We say with challenge comes opportunity. In which case, I feel 2024 will bring a lot of opportunities! I’ve heard people discuss how the accounting profession is to undergo significant unprecedented change. To some extent I can appreciate this. To another, I’m not so sure. When we talk about artificial intelligence impacting our profession, something that is undoubtedly happening, I question whether it is any different to the technological advances that entered our lives, and indeed the accounting industry, several decades ago. However, the two items that we have not tackled before are sustainability – the effect this has on businesses, the need to now report on such impact and hence the requirement for the accounting profession to get directly involved – and the significant increase in mergers and acquisitions and the influx of private equity investment into the accountancy industry. These two factors, I personally see, as those that need to be addressed and through which we need to seek opportunity.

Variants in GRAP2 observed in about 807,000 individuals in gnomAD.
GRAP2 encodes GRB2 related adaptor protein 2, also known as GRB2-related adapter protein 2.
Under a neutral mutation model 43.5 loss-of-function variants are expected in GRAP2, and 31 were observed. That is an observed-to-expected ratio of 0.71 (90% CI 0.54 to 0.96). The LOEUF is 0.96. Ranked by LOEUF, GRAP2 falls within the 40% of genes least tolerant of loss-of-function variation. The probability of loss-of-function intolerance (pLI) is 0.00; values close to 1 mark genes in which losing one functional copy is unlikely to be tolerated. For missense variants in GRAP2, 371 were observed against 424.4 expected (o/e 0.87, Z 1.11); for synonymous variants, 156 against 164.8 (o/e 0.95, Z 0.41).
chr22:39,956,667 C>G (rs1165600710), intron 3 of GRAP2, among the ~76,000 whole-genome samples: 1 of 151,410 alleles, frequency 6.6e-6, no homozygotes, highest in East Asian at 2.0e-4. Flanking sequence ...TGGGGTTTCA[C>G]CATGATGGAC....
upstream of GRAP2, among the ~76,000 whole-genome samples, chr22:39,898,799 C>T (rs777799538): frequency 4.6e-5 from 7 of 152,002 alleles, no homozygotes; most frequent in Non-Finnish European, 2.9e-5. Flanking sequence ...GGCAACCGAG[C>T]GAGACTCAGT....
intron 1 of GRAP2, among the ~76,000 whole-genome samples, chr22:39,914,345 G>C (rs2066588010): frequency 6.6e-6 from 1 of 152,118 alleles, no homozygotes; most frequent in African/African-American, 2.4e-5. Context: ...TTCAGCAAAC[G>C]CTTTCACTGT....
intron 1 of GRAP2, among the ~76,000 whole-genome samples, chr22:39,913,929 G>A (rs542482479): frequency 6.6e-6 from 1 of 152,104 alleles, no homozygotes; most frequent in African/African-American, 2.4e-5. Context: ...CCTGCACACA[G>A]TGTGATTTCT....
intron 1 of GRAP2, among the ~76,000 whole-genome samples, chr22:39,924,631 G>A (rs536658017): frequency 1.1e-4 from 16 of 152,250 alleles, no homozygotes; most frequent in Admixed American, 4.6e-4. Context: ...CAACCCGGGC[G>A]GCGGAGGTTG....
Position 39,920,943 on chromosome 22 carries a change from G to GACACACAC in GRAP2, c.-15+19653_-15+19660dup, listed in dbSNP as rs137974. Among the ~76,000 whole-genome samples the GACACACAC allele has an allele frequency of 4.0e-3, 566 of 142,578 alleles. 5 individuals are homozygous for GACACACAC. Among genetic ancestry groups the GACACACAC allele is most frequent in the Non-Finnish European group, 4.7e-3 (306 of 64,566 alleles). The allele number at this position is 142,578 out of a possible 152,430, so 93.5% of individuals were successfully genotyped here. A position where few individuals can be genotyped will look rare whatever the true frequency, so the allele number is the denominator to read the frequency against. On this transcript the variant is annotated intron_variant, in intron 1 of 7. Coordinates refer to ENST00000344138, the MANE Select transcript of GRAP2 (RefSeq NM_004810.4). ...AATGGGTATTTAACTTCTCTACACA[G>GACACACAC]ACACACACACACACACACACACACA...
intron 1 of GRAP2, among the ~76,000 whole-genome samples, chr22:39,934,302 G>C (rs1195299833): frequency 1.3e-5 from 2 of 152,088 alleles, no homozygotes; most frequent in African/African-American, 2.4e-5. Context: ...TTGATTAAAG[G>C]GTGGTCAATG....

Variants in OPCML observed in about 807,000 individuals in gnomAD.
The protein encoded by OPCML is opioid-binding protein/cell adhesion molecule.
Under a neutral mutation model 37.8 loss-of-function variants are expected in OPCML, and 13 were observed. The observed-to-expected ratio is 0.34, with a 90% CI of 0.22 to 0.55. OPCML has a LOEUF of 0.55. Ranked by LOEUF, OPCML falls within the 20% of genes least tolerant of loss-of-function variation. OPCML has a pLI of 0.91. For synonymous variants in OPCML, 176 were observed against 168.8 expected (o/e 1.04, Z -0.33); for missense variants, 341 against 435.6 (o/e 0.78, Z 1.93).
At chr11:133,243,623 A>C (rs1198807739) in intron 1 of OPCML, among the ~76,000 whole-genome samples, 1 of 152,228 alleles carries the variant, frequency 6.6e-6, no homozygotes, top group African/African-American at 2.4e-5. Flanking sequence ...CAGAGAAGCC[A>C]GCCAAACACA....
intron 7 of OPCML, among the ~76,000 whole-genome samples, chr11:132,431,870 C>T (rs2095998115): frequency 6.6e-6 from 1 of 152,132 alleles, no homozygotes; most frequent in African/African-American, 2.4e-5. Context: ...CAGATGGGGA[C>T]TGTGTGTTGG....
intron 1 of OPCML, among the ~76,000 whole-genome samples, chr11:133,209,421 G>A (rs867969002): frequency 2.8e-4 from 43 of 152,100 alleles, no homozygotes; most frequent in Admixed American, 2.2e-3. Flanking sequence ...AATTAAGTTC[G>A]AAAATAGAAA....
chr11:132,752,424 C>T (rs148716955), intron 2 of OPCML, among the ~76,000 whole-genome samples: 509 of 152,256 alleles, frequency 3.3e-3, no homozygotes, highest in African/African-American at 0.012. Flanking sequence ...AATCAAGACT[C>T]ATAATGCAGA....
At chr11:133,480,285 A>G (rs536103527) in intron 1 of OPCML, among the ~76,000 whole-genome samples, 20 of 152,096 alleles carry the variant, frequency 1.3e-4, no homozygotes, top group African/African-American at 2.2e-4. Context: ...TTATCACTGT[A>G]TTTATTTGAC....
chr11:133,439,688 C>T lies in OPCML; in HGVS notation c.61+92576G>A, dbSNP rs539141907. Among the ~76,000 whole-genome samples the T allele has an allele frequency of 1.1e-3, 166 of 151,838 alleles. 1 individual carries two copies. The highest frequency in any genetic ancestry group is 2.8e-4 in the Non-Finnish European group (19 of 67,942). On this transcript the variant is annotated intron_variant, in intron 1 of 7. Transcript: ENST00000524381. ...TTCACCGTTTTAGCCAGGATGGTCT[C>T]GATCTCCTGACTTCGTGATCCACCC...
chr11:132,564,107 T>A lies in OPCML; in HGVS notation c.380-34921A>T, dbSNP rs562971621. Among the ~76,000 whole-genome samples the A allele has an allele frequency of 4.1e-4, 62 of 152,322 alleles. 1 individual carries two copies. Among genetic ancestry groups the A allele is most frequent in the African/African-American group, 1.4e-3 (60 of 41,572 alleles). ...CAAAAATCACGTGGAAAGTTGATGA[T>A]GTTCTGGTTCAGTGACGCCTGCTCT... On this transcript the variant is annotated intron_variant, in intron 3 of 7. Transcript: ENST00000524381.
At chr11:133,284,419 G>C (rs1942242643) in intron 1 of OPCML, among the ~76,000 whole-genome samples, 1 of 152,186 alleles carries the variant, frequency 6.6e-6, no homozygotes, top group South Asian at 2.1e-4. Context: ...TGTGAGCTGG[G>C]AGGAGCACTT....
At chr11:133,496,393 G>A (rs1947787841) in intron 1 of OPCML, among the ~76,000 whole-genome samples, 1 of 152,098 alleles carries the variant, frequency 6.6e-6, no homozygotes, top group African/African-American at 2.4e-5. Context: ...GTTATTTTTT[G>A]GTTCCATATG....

Russell Bedford firms discussed these and several other topics at our 40th year anniversary global conference at the end of 2023. Another item of concern, of course, is the people shortage and the need to attract and retain more talent. However, I fail to see why the profession cannot achieve better promotion. It is surely exciting to be at the forefront of helping businesses with development and expansion and the advancements in technology further enhance the role of trusted advisor. Due to current shortages, however, I do predict even more organisations in the outsourced/offshore arena offering assistance to the accountancy practices. I do worry about the cultural divide and potential lack of collaborative spirit that might result. We talked a lot after the pandemic about getting people back into the office so that relationships can be cemented, to create that greater connectivity and yet I appreciate, in the main, remote staff and using extra resources from overseas has been working successfully for several accountancy firms.